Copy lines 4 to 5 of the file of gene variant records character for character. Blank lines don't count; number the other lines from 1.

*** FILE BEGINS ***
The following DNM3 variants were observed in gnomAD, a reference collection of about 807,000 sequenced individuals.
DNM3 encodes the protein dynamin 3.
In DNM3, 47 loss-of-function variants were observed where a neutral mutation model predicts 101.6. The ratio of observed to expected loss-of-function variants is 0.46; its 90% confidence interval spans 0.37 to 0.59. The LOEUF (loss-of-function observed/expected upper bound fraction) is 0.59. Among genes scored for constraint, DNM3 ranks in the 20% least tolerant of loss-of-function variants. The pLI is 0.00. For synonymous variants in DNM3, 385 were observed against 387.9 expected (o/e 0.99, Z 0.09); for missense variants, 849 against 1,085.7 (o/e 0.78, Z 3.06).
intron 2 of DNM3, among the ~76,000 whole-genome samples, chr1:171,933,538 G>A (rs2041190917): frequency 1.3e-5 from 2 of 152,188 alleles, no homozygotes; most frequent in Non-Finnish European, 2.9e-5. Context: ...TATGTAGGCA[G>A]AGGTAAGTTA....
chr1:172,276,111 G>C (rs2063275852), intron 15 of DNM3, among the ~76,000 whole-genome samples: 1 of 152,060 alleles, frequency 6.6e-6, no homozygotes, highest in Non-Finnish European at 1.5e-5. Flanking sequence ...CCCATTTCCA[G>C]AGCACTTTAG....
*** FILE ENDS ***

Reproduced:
intron 2 of DNM3, among the ~76,000 whole-genome samples, chr1:171,933,538 G>A (rs2041190917): frequency 1.3e-5 from 2 of 152,188 alleles, no homozygotes; most frequent in Non-Finnish European, 2.9e-5. Context: ...TATGTAGGCA[G>A]AGGTAAGTTA....
chr1:172,276,111 G>C (rs2063275852), intron 15 of DNM3, among the ~76,000 whole-genome samples: 1 of 152,060 alleles, frequency 6.6e-6, no homozygotes, highest in Non-Finnish European at 1.5e-5. Flanking sequence ...CCCATTTCCA[G>C]AGCACTTTAG....